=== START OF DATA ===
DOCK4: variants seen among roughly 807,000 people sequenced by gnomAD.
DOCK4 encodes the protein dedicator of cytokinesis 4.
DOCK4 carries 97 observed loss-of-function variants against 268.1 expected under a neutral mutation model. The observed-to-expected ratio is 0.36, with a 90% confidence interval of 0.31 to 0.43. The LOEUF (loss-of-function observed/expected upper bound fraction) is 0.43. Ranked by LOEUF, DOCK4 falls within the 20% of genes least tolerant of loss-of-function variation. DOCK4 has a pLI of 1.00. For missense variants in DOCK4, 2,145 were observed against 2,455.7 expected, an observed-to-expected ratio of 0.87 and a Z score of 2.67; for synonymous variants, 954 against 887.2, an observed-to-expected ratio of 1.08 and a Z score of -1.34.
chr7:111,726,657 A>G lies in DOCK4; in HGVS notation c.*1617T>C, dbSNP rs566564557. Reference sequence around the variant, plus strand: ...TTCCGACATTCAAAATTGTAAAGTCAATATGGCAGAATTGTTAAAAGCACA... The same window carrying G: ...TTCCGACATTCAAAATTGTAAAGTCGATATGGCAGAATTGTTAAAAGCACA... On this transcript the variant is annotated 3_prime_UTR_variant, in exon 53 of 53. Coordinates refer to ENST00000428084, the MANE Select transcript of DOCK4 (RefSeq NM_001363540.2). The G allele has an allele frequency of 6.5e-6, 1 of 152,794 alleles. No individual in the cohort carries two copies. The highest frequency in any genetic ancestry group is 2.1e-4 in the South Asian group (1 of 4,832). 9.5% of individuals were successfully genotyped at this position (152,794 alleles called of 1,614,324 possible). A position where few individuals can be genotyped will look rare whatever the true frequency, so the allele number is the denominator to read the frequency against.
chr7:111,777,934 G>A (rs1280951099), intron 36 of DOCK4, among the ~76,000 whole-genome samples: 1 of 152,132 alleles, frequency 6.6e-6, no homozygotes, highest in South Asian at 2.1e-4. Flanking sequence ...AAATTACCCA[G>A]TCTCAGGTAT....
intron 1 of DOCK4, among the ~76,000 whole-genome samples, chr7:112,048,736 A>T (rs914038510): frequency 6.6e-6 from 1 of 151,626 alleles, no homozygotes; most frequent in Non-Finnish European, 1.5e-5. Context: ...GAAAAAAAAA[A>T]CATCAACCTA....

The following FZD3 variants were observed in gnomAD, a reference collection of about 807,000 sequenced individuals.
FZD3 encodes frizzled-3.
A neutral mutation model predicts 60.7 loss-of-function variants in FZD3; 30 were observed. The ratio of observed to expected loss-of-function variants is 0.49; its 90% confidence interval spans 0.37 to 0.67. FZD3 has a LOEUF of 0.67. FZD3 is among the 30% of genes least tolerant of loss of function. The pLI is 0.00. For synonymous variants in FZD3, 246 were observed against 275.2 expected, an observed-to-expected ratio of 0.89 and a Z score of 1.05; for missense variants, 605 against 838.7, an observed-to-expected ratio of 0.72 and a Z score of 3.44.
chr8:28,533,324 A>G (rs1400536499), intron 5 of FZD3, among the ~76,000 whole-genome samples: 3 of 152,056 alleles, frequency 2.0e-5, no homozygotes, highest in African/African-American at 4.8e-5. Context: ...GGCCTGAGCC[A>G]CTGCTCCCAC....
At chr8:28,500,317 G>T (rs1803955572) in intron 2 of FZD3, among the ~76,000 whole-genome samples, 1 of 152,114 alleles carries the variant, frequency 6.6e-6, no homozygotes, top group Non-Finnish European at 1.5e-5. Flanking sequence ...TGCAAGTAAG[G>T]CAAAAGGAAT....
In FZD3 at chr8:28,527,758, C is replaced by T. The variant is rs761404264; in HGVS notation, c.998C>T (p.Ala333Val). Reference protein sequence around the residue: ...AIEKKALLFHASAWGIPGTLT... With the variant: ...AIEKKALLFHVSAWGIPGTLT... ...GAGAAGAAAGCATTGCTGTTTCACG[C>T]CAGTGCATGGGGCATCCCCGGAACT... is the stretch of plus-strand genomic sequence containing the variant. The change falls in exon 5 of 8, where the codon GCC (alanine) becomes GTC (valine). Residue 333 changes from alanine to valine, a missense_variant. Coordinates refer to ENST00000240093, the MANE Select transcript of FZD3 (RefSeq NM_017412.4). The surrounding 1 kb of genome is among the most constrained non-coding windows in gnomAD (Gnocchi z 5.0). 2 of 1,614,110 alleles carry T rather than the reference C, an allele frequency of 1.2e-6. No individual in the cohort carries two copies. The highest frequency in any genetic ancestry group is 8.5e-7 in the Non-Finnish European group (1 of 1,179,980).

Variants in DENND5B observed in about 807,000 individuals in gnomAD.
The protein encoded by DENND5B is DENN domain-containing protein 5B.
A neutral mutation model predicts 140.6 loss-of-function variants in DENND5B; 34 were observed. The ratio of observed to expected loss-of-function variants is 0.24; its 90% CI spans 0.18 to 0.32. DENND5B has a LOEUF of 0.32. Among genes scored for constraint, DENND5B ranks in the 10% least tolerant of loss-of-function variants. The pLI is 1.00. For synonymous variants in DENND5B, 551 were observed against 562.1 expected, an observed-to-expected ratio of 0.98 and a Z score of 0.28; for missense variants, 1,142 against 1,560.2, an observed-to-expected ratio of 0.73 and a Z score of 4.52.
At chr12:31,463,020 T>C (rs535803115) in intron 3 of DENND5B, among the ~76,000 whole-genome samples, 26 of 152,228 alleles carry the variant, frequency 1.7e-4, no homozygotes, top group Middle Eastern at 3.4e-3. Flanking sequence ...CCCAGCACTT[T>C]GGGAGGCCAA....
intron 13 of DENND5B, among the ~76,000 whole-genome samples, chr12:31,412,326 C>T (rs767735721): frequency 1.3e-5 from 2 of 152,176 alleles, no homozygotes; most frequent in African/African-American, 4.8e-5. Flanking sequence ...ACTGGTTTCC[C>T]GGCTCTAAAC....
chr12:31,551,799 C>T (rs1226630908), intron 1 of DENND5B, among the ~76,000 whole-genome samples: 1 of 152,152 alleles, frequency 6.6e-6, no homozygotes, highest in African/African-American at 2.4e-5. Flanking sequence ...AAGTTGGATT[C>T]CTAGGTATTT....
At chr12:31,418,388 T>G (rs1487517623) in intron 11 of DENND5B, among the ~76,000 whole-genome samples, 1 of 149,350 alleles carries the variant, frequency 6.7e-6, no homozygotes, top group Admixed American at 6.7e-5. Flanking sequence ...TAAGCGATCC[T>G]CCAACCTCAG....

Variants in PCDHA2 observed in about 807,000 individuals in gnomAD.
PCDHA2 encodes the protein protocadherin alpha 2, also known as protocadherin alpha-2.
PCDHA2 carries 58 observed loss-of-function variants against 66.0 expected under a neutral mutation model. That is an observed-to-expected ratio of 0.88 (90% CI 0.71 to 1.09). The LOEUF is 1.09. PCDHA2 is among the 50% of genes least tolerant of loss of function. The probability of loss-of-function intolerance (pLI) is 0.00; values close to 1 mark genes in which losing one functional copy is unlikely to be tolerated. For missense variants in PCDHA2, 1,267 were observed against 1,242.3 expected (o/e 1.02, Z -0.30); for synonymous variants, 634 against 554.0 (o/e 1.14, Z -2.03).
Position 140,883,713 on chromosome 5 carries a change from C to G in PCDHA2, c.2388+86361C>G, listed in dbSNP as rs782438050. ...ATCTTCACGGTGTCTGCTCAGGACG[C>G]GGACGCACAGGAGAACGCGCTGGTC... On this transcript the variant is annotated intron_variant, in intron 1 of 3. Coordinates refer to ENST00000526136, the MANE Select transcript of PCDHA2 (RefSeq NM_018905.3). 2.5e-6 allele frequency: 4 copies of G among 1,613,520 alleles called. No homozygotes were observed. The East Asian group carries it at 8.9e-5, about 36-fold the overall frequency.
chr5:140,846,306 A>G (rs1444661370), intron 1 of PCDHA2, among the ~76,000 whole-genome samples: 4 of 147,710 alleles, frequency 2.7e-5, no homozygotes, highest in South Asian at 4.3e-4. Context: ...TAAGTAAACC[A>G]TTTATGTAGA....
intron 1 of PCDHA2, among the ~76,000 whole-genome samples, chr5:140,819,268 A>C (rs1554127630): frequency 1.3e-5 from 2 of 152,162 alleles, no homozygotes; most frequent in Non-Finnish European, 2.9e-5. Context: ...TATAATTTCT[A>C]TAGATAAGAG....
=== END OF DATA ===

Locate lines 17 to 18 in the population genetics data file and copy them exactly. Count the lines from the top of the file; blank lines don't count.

intron 13 of DENND5B, among the ~76,000 whole-genome samples, chr12:31,412,326 C>T (rs767735721): frequency 1.3e-5 from 2 of 152,176 alleles, no homozygotes; most frequent in African/African-American, 4.8e-5. Flanking sequence ...ACTGGTTTCC[C>T]GGCTCTAAAC....
chr12:31,551,799 C>T (rs1226630908), intron 1 of DENND5B, among the ~76,000 whole-genome samples: 1 of 152,152 alleles, frequency 6.6e-6, no homozygotes, highest in African/African-American at 2.4e-5. Flanking sequence ...AAGTTGGATT[C>T]CTAGGTATTT....